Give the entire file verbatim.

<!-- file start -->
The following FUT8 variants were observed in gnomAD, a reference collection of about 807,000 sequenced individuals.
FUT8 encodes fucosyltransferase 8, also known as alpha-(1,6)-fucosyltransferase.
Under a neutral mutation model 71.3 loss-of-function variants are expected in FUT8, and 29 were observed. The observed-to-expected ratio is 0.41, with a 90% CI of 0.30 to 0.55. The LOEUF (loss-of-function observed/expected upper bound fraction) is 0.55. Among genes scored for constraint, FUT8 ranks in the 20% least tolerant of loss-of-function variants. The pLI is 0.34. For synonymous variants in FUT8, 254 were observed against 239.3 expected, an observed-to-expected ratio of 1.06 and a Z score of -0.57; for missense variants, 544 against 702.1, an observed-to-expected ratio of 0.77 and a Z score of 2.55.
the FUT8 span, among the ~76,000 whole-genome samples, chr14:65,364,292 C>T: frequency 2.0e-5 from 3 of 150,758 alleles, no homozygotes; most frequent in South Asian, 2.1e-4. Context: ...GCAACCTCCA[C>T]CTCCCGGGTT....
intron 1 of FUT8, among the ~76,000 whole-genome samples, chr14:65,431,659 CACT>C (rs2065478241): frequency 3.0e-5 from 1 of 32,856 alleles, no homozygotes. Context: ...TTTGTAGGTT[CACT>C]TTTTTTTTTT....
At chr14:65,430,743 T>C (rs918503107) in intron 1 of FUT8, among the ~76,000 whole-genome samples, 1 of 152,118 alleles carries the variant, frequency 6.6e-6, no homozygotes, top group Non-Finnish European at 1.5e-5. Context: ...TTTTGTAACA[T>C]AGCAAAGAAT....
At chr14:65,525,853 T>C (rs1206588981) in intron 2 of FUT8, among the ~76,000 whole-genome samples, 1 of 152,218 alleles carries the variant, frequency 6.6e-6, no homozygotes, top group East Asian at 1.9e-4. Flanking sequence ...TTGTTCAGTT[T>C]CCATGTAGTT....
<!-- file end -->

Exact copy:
The following FUT8 variants were observed in gnomAD, a reference collection of about 807,000 sequenced individuals.
FUT8 encodes fucosyltransferase 8, also known as alpha-(1,6)-fucosyltransferase.
Under a neutral mutation model 71.3 loss-of-function variants are expected in FUT8, and 29 were observed. The observed-to-expected ratio is 0.41, with a 90% CI of 0.30 to 0.55. The LOEUF (loss-of-function observed/expected upper bound fraction) is 0.55. Among genes scored for constraint, FUT8 ranks in the 20% least tolerant of loss-of-function variants. The pLI is 0.34. For synonymous variants in FUT8, 254 were observed against 239.3 expected, an observed-to-expected ratio of 1.06 and a Z score of -0.57; for missense variants, 544 against 702.1, an observed-to-expected ratio of 0.77 and a Z score of 2.55.
the FUT8 span, among the ~76,000 whole-genome samples, chr14:65,364,292 C>T: frequency 2.0e-5 from 3 of 150,758 alleles, no homozygotes; most frequent in South Asian, 2.1e-4. Context: ...GCAACCTCCA[C>T]CTCCCGGGTT....
intron 1 of FUT8, among the ~76,000 whole-genome samples, chr14:65,431,659 CACT>C (rs2065478241): frequency 3.0e-5 from 1 of 32,856 alleles, no homozygotes. Context: ...TTTGTAGGTT[CACT>C]TTTTTTTTTT....
At chr14:65,430,743 T>C (rs918503107) in intron 1 of FUT8, among the ~76,000 whole-genome samples, 1 of 152,118 alleles carries the variant, frequency 6.6e-6, no homozygotes, top group Non-Finnish European at 1.5e-5. Context: ...TTTTGTAACA[T>C]AGCAAAGAAT....
At chr14:65,525,853 T>C (rs1206588981) in intron 2 of FUT8, among the ~76,000 whole-genome samples, 1 of 152,218 alleles carries the variant, frequency 6.6e-6, no homozygotes, top group East Asian at 1.9e-4. Flanking sequence ...TTGTTCAGTT[T>C]CCATGTAGTT....